The Live Writer Find command does not allow copying the found text with the search box showing, so it is not of much use for this task. I copy the block of code and paste it into Notepad. Searching for the the URLs and copying them is much easier there. There are a number of URLs that are not of interest (the “VIEW SLIDE SHOW” and “DOWNLOAD ALL” links) so I like to search for “livefilestore”. Be sure to copy the address from “https:” all the way to the next quote mark. Actually the last part after the image file name is not needed, the text “?psid=1” can be safely removed from the address. Copy those URLs and save them in a document so you will not need to go through this exercise again. Also make sure that the addresses work. I always paste the first one into my browser address field and take a look. The address should take you to the image all by itself. The image on the right links to the full size photo on SkyDrive, click on it to view it large.
Using the SkyDrive Photo URLs
Once you have the URLs to your photos you can use those addresses to link to the SkyDrive image. Of course, the primary use will be to show the photos in blog posts. There is some bad news I have to share. If the photos are large, Live Writer cannot handle them. Let me explain. To insert a photo you select From the web… on the insert Picture command (on the Home or Insert tab). The URL is entered in the Insert Web Image dialog. If Live Writer is unhappy with the image you get an error message “Preview is currently unavailable.” You can click OK and then Insert. This may or may not succeed.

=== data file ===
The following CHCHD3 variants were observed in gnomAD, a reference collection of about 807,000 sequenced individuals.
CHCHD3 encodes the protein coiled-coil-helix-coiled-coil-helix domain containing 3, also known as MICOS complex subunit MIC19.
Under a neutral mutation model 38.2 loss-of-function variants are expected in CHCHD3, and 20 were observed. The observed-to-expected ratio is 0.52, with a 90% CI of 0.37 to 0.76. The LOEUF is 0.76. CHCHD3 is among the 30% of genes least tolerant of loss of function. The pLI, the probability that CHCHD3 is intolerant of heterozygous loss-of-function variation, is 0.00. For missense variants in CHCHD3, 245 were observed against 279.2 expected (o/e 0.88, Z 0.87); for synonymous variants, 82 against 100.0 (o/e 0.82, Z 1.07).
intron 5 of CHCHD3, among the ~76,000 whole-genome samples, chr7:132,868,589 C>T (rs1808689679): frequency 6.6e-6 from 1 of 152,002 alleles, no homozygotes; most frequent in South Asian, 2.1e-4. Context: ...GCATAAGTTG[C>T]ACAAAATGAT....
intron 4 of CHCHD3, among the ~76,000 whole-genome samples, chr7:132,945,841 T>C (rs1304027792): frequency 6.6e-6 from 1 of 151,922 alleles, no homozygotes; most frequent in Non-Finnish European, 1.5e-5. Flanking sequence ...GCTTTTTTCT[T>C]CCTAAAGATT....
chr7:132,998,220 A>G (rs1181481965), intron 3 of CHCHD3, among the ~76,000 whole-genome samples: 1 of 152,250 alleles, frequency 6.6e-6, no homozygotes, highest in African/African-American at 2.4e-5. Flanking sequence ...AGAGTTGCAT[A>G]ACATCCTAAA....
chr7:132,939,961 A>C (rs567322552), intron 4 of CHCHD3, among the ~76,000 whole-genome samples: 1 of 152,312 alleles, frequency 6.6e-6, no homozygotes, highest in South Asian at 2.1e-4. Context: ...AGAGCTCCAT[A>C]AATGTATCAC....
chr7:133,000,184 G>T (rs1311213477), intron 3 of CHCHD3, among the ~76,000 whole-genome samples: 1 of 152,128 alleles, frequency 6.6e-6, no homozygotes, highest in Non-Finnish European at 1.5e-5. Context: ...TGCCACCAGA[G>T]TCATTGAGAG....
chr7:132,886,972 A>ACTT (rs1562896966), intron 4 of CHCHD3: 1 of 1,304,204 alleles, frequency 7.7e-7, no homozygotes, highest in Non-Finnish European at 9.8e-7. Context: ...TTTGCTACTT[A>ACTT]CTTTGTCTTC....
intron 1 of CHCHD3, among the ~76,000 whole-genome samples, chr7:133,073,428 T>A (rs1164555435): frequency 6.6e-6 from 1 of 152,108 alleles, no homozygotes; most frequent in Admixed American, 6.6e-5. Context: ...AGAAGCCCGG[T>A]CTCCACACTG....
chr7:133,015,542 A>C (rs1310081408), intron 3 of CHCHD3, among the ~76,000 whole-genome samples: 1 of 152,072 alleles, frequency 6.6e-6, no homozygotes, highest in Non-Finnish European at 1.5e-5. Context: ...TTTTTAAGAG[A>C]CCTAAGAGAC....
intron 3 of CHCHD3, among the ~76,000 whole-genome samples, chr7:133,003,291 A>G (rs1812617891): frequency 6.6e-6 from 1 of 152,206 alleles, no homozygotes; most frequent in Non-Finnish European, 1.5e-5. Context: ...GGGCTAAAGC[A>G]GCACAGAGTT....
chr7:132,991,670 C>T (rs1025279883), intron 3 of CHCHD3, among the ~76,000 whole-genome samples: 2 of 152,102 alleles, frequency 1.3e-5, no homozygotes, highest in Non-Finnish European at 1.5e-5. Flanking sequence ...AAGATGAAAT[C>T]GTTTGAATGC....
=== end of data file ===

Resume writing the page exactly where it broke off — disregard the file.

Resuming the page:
For photos in posts the image size need not be screen-filling, and Live Writer handles smaller images just as you would expect. The photo below is just 640 pixels in the larger dimension. This also has the advantage that it loads quite rapidly.
The photo below comes from the album collection inserted farther down, but it links to a larger photo in another album.
When you include the album feature, a viewer has access to your public albums (and documents!). Using the URLs by themselves provides no such exposure, and allows you to lay out your post just the way you want.
One other downside: Microsoft is constantly “improving” SkyDrive and Windows Live applications. The procedures given here worked as described in October 2011. They might not work by the time you read this.
© 2011 Ludwig Keck
When setting up a blog connection Windows Live Writer downloads the blog template. This specifies the fonts along with many other features. This does not mean that you have no choice of fonts, indeed, the Font group on the Home tab offers all the fonts installed on your computer.
You can apply any font to the normal text and to the headings, but you cannot set the defaults. Live Writer reverts back to the blog template defaults – as it should. After all, you selected the design and appearance of your blog carefully and you want it to stay that way.
There are times when a different font is called for. As in other applications, like Word, for example, the font can be selected before text is typed or later by selecting the text and applying the new font. There is a problem with that. Your readers may have different machines and may not have the font installed that you have chosen. Their browser will make a font selection that might not fit with the image or mood you are trying to create.
Here is an illustration of that problem. The four snippets are from the same blog post as seen on different machines. The first shows the text as intended by the writer in a font called “Curlz”. This font is not common on computers and the browsers on two machines substituted common fonts. In one case a sans-serif (Arial style) in in the other a serif font (like Georgia). The fourth snippet is from an RSS feed in which the background color was dropped. I have seen unreadable text in RSS feeds because the original text was white or yellow on a dark background. With the background rendered white, white font disappears completely.